Rusfertide stabilizes haematocrit for 2.5 years in PCV

Elvira Manzano
29 Jan 2024
Rusfertide stabilizes haematocrit for 2.5 years in PCV

The hepcidin mimetic rusfertide provides long-term control of haematocrit (2.5 years) and reduces the use of phlebotomy among patients with polycythemia vera (PCV) in the phase II REVIVE study.

Response rate with rusfertide was 69.2 percent (defined as haematocrit <45 percent during 12 weeks of treatment without phlebotomy) compared with 18.5 percent with placebo. Additionally, 24 of 26 patients treated with rusfertide did not receive phlebotomy compared with 12 of 27 in the placebo arm. [ASH 2023, abstract 745]

The REVIVE trial consists of three parts.  Part 1 was a dose-finding and dose-evaluation phase. Dr Ellen Ritchie from the Weill Cornell Medical College at Cornell University, New York, US reported findings from part 2 of the trial, a blinded, randomized, withdrawal of treatment phase, at ASH 2023.

Part 3 will be an open-label extension (OLE) to evaluate rusfertide dosing, safety, and efficacy for up to 3 years.

Ritchie said the randomized portion of the study was designed to look for efficacy. “Half of the patients were randomly assigned to placebo; half continued with rusfertide from weeks 29–41. At week 42, patients were allowed to take part in the OLE study.

The trial met the primary endpoint – 18 of 26 patients achieved a stable haematocrit level of <45 percent. In the placebo arm of the withdrawal component, five of 27 patients achieved the primary endpoint. “Response to rusfertide was superior regardless of whether patients received cytoreductive therapy,” said Ritchie.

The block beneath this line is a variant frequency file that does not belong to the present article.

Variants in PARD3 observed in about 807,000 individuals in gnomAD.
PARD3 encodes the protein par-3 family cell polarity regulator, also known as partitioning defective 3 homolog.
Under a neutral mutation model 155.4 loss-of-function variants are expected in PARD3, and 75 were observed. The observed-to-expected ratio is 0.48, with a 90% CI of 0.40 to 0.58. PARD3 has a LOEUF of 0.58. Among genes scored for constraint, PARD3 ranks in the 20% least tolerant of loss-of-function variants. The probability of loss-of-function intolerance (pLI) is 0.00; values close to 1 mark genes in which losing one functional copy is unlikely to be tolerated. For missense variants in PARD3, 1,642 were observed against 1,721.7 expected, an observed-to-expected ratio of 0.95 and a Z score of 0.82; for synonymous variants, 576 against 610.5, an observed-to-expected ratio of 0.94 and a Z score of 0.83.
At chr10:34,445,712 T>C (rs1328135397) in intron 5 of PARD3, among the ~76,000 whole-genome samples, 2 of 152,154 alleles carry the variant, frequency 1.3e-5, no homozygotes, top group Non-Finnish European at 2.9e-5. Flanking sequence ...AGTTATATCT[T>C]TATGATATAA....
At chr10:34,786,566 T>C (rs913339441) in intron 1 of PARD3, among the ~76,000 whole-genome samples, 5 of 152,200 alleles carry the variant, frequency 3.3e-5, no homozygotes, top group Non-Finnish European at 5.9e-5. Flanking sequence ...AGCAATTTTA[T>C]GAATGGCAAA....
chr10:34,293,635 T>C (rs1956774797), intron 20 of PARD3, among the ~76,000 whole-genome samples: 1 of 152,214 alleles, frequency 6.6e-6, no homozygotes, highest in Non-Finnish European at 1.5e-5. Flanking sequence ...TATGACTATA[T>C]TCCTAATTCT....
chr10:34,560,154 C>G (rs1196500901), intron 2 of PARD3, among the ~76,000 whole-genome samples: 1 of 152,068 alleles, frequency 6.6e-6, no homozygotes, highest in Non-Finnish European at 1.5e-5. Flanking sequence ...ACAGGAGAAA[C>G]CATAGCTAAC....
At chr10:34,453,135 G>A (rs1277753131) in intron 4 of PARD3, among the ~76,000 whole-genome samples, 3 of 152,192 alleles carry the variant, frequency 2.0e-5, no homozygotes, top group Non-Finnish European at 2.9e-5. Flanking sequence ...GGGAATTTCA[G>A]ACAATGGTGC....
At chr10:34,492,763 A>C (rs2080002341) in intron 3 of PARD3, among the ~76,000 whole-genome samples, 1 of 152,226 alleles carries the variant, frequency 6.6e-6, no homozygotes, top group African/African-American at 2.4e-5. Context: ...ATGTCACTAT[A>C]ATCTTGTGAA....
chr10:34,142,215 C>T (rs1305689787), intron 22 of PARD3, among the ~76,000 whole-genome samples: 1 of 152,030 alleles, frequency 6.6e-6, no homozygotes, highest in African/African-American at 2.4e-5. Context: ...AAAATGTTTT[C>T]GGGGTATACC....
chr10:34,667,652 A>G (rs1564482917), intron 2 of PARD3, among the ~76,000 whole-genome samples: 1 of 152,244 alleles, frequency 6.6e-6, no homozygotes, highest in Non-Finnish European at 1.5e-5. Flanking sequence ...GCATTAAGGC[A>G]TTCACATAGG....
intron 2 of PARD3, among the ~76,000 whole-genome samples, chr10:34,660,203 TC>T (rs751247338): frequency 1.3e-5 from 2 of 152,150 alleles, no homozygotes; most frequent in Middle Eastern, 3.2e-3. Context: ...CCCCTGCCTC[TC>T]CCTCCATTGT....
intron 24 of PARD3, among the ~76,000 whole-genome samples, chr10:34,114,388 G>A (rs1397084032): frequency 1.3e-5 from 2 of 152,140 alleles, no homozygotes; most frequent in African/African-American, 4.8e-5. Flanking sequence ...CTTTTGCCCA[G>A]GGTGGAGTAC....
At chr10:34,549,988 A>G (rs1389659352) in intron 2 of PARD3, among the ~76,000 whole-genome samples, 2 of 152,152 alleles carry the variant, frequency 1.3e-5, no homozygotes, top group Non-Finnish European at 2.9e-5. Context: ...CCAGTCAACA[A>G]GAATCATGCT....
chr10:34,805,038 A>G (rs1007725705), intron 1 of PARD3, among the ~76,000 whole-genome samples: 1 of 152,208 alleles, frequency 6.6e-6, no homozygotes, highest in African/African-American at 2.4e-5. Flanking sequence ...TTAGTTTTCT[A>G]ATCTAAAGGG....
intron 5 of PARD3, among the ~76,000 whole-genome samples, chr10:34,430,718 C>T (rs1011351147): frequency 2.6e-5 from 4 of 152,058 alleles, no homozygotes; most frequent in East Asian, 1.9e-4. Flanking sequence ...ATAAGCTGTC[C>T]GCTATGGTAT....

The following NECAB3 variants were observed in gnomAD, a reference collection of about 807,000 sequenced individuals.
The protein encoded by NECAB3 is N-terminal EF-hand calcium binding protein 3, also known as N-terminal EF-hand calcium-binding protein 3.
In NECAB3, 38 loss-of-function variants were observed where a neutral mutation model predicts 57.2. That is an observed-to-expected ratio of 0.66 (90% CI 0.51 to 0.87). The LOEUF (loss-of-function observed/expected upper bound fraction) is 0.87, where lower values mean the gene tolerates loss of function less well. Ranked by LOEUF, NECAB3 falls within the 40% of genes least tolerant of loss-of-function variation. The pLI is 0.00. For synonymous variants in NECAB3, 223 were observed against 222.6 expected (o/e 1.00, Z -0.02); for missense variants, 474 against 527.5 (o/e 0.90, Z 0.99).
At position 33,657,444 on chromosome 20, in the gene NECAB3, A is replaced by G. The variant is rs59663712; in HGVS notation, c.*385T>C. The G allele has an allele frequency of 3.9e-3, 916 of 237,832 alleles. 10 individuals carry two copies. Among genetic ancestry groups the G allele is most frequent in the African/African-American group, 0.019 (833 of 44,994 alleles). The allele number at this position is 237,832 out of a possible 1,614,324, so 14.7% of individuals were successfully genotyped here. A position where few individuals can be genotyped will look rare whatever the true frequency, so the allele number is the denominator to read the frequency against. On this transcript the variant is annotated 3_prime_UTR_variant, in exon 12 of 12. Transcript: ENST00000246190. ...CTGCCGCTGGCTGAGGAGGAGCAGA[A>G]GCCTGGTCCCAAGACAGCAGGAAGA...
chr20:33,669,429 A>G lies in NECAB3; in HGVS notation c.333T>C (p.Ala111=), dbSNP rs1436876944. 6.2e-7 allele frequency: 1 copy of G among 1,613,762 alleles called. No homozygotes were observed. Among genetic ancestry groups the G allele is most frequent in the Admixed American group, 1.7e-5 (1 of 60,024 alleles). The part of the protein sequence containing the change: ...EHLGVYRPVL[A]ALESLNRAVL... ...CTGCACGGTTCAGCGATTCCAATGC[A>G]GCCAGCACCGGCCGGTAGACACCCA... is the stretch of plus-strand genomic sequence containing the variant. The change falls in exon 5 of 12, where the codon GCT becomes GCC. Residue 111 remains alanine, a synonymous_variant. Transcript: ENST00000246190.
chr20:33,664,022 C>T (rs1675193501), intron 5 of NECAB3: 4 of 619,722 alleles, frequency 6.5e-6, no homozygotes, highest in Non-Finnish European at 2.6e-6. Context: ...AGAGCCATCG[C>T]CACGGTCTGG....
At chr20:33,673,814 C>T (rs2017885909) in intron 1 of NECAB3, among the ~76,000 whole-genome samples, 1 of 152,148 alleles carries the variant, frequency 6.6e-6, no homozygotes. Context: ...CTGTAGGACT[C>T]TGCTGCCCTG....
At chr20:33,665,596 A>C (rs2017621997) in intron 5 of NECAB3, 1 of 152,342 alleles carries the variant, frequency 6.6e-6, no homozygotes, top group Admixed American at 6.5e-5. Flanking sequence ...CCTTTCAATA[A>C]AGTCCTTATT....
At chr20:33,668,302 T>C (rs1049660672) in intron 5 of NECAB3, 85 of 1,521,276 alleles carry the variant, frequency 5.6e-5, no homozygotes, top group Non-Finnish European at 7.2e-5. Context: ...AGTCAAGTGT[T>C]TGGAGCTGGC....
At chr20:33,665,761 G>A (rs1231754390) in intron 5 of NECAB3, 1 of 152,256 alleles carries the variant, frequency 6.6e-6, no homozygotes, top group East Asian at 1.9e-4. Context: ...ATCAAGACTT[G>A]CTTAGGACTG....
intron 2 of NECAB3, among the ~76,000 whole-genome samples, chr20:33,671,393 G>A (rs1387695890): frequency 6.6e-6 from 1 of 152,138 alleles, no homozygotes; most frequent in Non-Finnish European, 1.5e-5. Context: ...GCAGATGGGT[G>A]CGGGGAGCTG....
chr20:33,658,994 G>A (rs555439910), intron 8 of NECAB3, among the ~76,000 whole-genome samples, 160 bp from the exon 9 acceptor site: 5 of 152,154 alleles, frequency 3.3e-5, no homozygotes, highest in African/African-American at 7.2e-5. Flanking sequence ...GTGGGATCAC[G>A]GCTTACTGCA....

During the randomized withdrawal, 92.3 percent of those who continued with rusfertide did not require phlebotomy compared with 44.4 percent in the placebo arm. “Haemoglobin and erythrocyte counts increased only when rusfertide was held or discontinued,” she added.

Fifty-eight of the 70 patients enrolled in part 1 of the trial continued to part 3. As of mid-October, 57 patients had been treated for at least 1 year, 51 for ≥1.5 years, and 37 for ≥2 years.

“Mean haemoglobin levels generally remained stable and mean erythrocyte counts decreased through 2.5 years,” Ritchie reported. “Leukocyte counts also remained stable. Platelet count increased by about 30 percent as patients started rusfertide but did not increase further as they continued with treatment. Rusfertide resulted in normalization of serum ferritin levels over the 2.5 years.”

Patient-reported outcomes improved, including fatigue, early satiety, inactivity, concentration, night sweats, and itching.

Most adverse events were grade 1/2. Eight patients developed second malignancies.  Five high-risk patients had thromboembolic events.

When asked if the interval of treatment can be decreased, Ritchie said: “There is no data to support that. “Physicians were at liberty to adjust the dose to keep the haematocrit <45 percent. As this study cohort continues to be studied, that will be an interesting question: whether we can decrease the frequency or whether we can decrease the dose in some of these patients.”

PCV is a rare blood disorder characterized by excessive production of red blood cells, which can make the blood thicker. This can lead to increased blood viscosity, including thromboses. 

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